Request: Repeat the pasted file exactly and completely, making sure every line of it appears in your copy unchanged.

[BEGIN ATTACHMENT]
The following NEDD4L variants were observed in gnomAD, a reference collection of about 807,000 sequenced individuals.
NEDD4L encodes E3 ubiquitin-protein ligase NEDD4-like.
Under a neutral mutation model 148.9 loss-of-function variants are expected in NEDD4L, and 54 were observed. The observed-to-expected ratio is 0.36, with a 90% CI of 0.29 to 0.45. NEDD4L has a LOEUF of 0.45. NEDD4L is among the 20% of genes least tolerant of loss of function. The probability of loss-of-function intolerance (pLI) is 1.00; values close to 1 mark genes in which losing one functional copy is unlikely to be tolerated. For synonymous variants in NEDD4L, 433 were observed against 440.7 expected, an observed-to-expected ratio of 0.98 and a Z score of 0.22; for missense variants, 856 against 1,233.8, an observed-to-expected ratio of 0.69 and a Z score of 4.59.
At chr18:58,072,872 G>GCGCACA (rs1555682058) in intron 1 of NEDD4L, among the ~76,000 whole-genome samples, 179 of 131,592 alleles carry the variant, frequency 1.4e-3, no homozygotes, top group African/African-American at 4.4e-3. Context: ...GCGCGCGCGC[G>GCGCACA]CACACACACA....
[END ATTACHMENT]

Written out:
The following NEDD4L variants were observed in gnomAD, a reference collection of about 807,000 sequenced individuals.
NEDD4L encodes E3 ubiquitin-protein ligase NEDD4-like.
Under a neutral mutation model 148.9 loss-of-function variants are expected in NEDD4L, and 54 were observed. The observed-to-expected ratio is 0.36, with a 90% CI of 0.29 to 0.45. NEDD4L has a LOEUF of 0.45. NEDD4L is among the 20% of genes least tolerant of loss of function. The probability of loss-of-function intolerance (pLI) is 1.00; values close to 1 mark genes in which losing one functional copy is unlikely to be tolerated. For synonymous variants in NEDD4L, 433 were observed against 440.7 expected, an observed-to-expected ratio of 0.98 and a Z score of 0.22; for missense variants, 856 against 1,233.8, an observed-to-expected ratio of 0.69 and a Z score of 4.59.
At chr18:58,072,872 G>GCGCACA (rs1555682058) in intron 1 of NEDD4L, among the ~76,000 whole-genome samples, 179 of 131,592 alleles carry the variant, frequency 1.4e-3, no homozygotes, top group African/African-American at 4.4e-3. Context: ...GCGCGCGCGC[G>GCGCACA]CACACACACA....